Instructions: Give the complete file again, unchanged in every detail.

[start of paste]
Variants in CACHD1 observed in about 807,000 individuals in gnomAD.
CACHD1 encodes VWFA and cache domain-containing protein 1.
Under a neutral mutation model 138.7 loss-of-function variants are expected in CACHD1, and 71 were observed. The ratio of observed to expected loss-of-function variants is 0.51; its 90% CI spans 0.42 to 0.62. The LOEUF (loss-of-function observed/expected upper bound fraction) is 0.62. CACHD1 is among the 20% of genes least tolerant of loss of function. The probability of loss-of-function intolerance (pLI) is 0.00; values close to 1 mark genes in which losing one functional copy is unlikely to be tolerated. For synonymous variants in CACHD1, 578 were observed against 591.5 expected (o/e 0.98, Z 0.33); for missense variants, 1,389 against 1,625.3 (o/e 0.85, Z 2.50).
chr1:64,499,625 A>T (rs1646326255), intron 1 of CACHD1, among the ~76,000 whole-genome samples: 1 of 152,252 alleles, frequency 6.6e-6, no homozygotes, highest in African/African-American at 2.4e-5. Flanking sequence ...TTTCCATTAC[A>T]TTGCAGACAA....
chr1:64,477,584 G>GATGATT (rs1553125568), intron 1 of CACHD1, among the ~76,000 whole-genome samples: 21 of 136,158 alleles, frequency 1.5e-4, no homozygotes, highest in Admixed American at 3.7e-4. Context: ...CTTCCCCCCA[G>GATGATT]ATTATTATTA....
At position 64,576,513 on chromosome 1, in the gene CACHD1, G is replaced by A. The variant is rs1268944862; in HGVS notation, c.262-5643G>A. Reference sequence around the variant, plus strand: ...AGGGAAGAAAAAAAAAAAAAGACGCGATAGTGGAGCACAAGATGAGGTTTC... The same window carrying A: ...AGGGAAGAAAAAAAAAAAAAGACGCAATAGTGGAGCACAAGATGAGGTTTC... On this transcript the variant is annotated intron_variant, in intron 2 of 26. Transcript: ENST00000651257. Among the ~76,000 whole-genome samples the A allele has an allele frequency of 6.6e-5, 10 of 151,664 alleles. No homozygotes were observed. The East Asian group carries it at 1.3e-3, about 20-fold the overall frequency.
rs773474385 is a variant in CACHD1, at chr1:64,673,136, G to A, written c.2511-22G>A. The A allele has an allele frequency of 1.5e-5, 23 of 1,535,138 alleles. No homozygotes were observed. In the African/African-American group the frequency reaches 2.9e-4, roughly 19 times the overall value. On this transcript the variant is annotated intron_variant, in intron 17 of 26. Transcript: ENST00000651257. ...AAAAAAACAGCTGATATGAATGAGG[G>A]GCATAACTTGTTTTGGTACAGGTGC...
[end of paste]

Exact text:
Variants in CACHD1 observed in about 807,000 individuals in gnomAD.
CACHD1 encodes VWFA and cache domain-containing protein 1.
Under a neutral mutation model 138.7 loss-of-function variants are expected in CACHD1, and 71 were observed. The ratio of observed to expected loss-of-function variants is 0.51; its 90% CI spans 0.42 to 0.62. The LOEUF (loss-of-function observed/expected upper bound fraction) is 0.62. CACHD1 is among the 20% of genes least tolerant of loss of function. The probability of loss-of-function intolerance (pLI) is 0.00; values close to 1 mark genes in which losing one functional copy is unlikely to be tolerated. For synonymous variants in CACHD1, 578 were observed against 591.5 expected (o/e 0.98, Z 0.33); for missense variants, 1,389 against 1,625.3 (o/e 0.85, Z 2.50).
chr1:64,499,625 A>T (rs1646326255), intron 1 of CACHD1, among the ~76,000 whole-genome samples: 1 of 152,252 alleles, frequency 6.6e-6, no homozygotes, highest in African/African-American at 2.4e-5. Flanking sequence ...TTTCCATTAC[A>T]TTGCAGACAA....
chr1:64,477,584 G>GATGATT (rs1553125568), intron 1 of CACHD1, among the ~76,000 whole-genome samples: 21 of 136,158 alleles, frequency 1.5e-4, no homozygotes, highest in Admixed American at 3.7e-4. Context: ...CTTCCCCCCA[G>GATGATT]ATTATTATTA....
At position 64,576,513 on chromosome 1, in the gene CACHD1, G is replaced by A. The variant is rs1268944862; in HGVS notation, c.262-5643G>A. Reference sequence around the variant, plus strand: ...AGGGAAGAAAAAAAAAAAAAGACGCGATAGTGGAGCACAAGATGAGGTTTC... The same window carrying A: ...AGGGAAGAAAAAAAAAAAAAGACGCAATAGTGGAGCACAAGATGAGGTTTC... On this transcript the variant is annotated intron_variant, in intron 2 of 26. Transcript: ENST00000651257. Among the ~76,000 whole-genome samples the A allele has an allele frequency of 6.6e-5, 10 of 151,664 alleles. No homozygotes were observed. The East Asian group carries it at 1.3e-3, about 20-fold the overall frequency.
rs773474385 is a variant in CACHD1, at chr1:64,673,136, G to A, written c.2511-22G>A. The A allele has an allele frequency of 1.5e-5, 23 of 1,535,138 alleles. No homozygotes were observed. In the African/African-American group the frequency reaches 2.9e-4, roughly 19 times the overall value. On this transcript the variant is annotated intron_variant, in intron 17 of 26. Transcript: ENST00000651257. ...AAAAAAACAGCTGATATGAATGAGG[G>A]GCATAACTTGTTTTGGTACAGGTGC...